A Painful Subject

A Painful Subject

Emotions are what brought us together, all four of us starting in the same class. We learned perspective, colour, form, and negative space. Classic knowledge to help us become the artists we wanted to be. We struggled through our assignments working to develop our individual styles.

 Clare, the socialist, filled her art with the iniquity of humanity. Tom, the naturalist, created paintings full of the wild and the wilder. Structures were what Beverly built. Her sculptures grew from the tension between hard and soft. I became the lost boy, never able to express what I held inside of me although it wanted to burn its way out of my body. We never discussed our personal pain. I never told them about the depression my mother suffered after my father left, or how much I longed to release her from her pain.

In our final year, Clare completed twenty classics, each one more socially disturbing than the last. She passed with honours. Tom completed five works. Their details so perfect the critics reported they smelled the wet fur and the rotting vegetation, their colours so intense you almost saw the moisture dripping from the leaves. Beverly’s ten sculptures sold for an unheard of amount for student work. Her fame blossomed.  I had found my direction, but my procedure remained in the experimental stage. I didn’t graduate.

“Jesus, Curt, just slap something with social context across the canvas,” Clare told me on the last night. “You’ve been able to paint circles around us since first year. Just do it.”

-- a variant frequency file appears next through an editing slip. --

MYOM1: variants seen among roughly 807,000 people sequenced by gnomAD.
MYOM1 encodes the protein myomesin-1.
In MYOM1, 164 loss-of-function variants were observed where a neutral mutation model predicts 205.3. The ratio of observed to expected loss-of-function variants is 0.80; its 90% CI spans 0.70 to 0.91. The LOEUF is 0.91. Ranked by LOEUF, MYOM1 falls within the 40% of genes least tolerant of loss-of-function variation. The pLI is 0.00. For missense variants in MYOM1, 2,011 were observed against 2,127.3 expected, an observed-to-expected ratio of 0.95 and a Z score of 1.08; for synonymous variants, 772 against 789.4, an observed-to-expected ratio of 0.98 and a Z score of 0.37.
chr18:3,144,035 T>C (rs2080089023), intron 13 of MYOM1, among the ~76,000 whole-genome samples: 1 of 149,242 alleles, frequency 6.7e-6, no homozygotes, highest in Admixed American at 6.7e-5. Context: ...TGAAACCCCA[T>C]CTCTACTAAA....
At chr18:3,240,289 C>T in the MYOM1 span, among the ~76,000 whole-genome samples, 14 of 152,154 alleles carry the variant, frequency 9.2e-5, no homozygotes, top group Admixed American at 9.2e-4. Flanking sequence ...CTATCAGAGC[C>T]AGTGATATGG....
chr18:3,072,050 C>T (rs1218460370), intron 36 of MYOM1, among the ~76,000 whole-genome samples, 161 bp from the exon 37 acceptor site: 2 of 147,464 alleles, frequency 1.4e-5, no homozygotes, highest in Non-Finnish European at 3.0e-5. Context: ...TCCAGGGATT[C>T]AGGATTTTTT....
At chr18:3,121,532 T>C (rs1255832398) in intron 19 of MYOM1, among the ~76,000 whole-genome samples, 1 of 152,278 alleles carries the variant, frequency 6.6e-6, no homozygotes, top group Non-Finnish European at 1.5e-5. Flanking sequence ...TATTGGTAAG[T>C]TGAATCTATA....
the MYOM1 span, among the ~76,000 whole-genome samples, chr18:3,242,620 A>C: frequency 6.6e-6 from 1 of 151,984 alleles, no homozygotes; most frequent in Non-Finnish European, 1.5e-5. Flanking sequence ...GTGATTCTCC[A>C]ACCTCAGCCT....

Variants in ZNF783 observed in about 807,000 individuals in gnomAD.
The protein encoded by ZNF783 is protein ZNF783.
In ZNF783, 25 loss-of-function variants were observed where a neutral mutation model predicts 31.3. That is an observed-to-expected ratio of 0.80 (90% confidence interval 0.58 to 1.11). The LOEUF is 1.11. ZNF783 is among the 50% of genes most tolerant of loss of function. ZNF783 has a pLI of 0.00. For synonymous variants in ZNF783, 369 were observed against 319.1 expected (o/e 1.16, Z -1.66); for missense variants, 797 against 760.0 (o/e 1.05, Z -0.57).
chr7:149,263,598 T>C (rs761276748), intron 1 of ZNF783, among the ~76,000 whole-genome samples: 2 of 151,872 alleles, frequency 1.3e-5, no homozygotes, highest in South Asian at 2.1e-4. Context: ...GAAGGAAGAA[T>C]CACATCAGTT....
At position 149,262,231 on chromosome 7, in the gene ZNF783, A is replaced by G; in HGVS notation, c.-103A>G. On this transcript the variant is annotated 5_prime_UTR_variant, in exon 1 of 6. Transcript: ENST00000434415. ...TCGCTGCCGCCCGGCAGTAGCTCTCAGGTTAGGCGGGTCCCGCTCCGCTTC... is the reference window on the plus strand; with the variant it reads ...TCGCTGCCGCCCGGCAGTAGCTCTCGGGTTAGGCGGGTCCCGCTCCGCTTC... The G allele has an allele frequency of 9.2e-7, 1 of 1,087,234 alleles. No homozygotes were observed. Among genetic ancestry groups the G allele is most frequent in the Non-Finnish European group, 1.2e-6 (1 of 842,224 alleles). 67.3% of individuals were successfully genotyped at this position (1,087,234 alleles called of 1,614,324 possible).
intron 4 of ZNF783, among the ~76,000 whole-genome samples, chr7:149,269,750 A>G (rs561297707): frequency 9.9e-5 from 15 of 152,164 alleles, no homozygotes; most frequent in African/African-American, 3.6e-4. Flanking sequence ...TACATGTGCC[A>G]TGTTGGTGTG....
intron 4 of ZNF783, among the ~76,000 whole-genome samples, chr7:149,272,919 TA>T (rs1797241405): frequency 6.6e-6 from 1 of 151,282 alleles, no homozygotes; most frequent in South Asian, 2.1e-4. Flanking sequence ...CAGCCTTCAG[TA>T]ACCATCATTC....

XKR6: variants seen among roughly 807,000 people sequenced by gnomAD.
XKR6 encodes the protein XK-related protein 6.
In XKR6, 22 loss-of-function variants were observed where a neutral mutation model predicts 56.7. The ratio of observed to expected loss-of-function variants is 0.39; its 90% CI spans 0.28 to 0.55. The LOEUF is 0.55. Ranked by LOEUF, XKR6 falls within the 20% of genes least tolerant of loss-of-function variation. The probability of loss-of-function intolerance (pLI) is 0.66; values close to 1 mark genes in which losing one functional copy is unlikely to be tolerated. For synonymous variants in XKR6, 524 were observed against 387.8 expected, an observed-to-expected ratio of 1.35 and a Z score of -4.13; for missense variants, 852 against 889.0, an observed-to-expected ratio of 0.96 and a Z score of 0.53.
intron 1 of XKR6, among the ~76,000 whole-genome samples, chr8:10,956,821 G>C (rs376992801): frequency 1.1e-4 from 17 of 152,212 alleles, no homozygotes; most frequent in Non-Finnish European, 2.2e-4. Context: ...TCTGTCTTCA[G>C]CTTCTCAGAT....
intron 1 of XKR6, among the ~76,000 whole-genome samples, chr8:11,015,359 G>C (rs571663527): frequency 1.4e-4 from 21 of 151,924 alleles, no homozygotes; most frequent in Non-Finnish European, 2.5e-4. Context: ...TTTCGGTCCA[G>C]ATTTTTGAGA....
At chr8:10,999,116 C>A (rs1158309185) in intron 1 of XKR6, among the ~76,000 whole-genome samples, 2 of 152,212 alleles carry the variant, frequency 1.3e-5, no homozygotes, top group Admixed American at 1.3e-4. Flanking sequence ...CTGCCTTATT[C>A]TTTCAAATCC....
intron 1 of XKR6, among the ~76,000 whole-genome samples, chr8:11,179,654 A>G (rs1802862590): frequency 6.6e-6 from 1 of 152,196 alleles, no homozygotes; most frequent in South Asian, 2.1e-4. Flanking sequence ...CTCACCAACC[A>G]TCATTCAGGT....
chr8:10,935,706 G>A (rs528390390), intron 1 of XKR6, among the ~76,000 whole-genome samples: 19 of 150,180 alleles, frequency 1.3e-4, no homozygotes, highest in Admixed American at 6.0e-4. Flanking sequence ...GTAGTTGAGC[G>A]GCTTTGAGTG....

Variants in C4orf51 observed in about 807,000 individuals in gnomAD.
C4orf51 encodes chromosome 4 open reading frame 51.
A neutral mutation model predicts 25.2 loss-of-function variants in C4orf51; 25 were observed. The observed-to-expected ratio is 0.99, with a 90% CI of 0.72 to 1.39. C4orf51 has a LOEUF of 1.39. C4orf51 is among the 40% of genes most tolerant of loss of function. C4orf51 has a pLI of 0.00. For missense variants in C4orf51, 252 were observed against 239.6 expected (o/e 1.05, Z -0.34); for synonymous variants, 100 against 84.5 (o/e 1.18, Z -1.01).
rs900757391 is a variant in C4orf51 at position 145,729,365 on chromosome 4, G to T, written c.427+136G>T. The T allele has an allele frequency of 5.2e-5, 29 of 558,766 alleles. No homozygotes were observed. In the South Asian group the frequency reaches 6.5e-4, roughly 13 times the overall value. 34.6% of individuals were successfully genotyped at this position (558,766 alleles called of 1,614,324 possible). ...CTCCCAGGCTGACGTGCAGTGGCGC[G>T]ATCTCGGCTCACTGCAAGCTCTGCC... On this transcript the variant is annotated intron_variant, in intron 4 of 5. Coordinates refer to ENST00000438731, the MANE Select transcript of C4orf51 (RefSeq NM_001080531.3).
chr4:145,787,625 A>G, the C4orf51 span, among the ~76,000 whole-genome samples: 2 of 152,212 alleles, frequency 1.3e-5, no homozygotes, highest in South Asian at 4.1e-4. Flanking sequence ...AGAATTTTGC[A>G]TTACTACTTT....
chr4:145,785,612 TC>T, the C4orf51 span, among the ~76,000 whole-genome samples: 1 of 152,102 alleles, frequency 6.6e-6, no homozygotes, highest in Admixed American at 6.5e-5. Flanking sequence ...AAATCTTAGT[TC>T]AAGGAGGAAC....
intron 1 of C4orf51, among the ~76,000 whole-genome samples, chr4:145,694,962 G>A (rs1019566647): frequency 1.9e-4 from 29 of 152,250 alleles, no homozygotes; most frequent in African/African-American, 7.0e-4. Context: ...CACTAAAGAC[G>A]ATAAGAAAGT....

“Leave him be, Clare,” Beverly told her. “Curt is building the armature for his work. He is searching for something special.”

Tom threw an arm across my shoulders, stumbling from too much drink as he did. “Curt will work it out. He’s just locating his north star. Leave him be girls. Let’s have another drink.”

They moved over to the bar and into their successes, leaving me with my problem to solve on my own.

We met every few years. It was unavoidable. The gallery I worked at carried their art. I was the one who hung Clare’s and Tom’s paintings for their openings, and struggled to place Bev’s sculptures in the best lighting. I was the one who wrapped their pieces for the customers, and loaded them onto the truck.

 For the first few years they asked how my work progressed, but they didn’t comprehend my struggle, and they couldn’t understand what I was trying to achieve. They put their anger, pain, and disappointment into their pieces for everyone to view. No one grasped what I meant when I spoke about attempting to draw those emotions from others, to colour my paintings with the pain of my subjects. My concept of a modulator/demodulator of emotions made their eyes glaze. Their questions stopped. I continued to experiment.